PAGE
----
Small Business Tax Tip – Corporation, LLC, Partnership or Proprietorship?
Sometimes it’s the small decisions — or lack of a decision — that have the greatest effect on your business.
Take the choice of what type of legal structure you use to operate your business. Many small business owners are so excited about starting their businesses that they give little or no thought to this very important decision. Should you incorporate? Form an LLC? A partnership? Would you be better off just doing nothing and running your business as a sole proprietorship?
Before you take the advice of the first person you ask or the first book you read, consider all of the legal, tax, financial and operational effects of your choice. Let’s look at your choices one by one.
When you open your business without a partner (a spouse does not usually count as a partner for this purpose) and without filing any paperwork to choose one of the other business types, you are automatically a sole proprietorship. You are doing business with your customers directly as yourself, an individual. This is true even if you have a name for your business and file “fictitious name” or “doing business as” papers with your state or local government.
For income tax purposes, there are no separate forms to file for the business. You simply attach Schedule C to your Form 1040. Schedule C is where you summarize your business revenues and expenses. You pay tax on any profit at the regular individual tax rates. If you have a loss, you can usually deduct the loss against your other income.
In addition to income tax, you must pay self employment tax on your business profit. The self employment tax rate is 15.3% on the first $94,200 (for 2006) of profit, and 2.9% on any amount over $94,200. The tax is designed to replace the social security and medicare taxes you and your employer pay when you have a regular job. Since you’re both “employer” and “employee,” you pay twice as much as you would if you worked for someone else.
The biggest pitfall of being a sole proprietor is your legal liability. If someone is injured, whether physically, financially, emotionally, etc. as a result of your business activities, you can be sued personally. In today’s litigious environment where people are sued at the drop of a hat, this is a risk no serious business owner should take lightly. While insurance may offer some protection, you still run the risk of losing your personal assets, and/or of having to file bankruptcy, due to a lawsuit.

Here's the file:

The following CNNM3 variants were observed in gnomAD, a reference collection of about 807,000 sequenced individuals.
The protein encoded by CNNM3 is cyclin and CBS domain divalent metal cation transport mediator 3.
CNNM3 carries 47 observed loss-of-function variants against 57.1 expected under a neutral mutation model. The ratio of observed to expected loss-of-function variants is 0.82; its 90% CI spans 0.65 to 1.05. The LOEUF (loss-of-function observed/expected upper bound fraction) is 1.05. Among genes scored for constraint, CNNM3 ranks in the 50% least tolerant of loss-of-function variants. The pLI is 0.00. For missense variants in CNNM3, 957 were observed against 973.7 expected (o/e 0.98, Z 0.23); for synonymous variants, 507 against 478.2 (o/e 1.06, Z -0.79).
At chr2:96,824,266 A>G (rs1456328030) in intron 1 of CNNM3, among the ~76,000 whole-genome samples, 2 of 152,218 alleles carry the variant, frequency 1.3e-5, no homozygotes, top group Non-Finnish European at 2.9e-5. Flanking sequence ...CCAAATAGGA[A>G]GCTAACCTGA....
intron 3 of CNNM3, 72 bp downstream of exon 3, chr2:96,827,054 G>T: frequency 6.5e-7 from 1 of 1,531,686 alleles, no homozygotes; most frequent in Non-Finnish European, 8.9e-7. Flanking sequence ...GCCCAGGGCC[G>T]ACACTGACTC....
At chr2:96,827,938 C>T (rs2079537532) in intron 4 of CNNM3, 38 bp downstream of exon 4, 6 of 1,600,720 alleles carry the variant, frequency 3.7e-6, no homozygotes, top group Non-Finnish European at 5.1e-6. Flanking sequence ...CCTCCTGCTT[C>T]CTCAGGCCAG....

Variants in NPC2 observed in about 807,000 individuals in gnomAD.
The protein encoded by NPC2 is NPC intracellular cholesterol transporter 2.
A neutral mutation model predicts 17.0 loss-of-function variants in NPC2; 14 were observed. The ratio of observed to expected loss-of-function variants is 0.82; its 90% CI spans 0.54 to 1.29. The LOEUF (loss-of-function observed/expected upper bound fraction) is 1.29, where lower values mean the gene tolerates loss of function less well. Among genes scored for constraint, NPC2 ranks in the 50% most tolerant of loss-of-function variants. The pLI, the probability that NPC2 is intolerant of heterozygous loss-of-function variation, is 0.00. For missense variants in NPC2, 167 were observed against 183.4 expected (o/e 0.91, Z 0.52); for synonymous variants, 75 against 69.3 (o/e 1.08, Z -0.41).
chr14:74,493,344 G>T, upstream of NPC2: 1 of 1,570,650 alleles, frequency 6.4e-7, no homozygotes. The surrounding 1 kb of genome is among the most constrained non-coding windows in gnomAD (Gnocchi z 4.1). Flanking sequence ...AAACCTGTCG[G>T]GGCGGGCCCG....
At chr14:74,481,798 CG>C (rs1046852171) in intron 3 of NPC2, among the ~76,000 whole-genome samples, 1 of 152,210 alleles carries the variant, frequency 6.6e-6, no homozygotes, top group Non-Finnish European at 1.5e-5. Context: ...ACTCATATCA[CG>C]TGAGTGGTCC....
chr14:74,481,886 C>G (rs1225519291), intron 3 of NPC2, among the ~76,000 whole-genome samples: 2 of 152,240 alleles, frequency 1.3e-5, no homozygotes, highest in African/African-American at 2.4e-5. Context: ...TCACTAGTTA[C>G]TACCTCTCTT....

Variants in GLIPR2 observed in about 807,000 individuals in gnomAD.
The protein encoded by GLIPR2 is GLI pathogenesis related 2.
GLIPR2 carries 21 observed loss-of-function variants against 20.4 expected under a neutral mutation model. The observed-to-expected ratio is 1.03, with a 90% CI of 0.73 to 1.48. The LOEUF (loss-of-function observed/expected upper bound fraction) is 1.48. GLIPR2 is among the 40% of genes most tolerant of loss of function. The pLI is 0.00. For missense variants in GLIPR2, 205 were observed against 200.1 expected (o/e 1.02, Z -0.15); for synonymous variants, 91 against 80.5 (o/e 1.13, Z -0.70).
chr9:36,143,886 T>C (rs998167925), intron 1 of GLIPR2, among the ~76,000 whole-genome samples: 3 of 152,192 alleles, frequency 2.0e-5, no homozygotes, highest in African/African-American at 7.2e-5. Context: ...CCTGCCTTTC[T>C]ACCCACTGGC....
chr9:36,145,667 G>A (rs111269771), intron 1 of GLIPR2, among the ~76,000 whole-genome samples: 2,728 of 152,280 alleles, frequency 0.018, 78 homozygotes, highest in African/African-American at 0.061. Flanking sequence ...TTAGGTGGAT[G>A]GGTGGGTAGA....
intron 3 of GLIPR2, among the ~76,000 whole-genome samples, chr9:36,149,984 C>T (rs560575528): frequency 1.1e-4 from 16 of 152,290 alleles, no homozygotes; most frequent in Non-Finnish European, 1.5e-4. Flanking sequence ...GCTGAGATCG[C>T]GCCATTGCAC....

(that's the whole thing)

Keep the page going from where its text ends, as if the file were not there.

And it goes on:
While this form of business may be fine for some part-time or “sideline” businesses, most small business owners should choose a different option.
When you co-own a business with one or more other people and don’t choose one of the other business types, you are automatically a partnership. (Technically, a “general partnership.”) While a sole proprietorship is low on the list of desirable business structures for a small business, a partnership is even lower.
Like a sole proprietorship, you can be sued personally for any harm you cause as a result of your business activities. Even worse, you can be sued for any harm caused by your partner! Not only that, if your partner signs a contract or takes out a loan on behalf of the business, you are automatically bound by the terms of that contract, whether you agree with it or not. This is scary stuff, and I simply never recommend this structure. This is an example where “doing nothing” can be a big mistake.
Income tax wise, a partnership must file a Form 1065, U.S. Return of Partnership Income, to report its revenues and expenses. The partnership itself does not pay income taxes. Rather, each partner reports his share of the profit or loss from the business on his individual tax return. As with a sole proprietorship, an active partner must pay the 15.3% self employment tax on his first $94,200 (for 2006) of the partnership income, and 2.9% on any amount above that.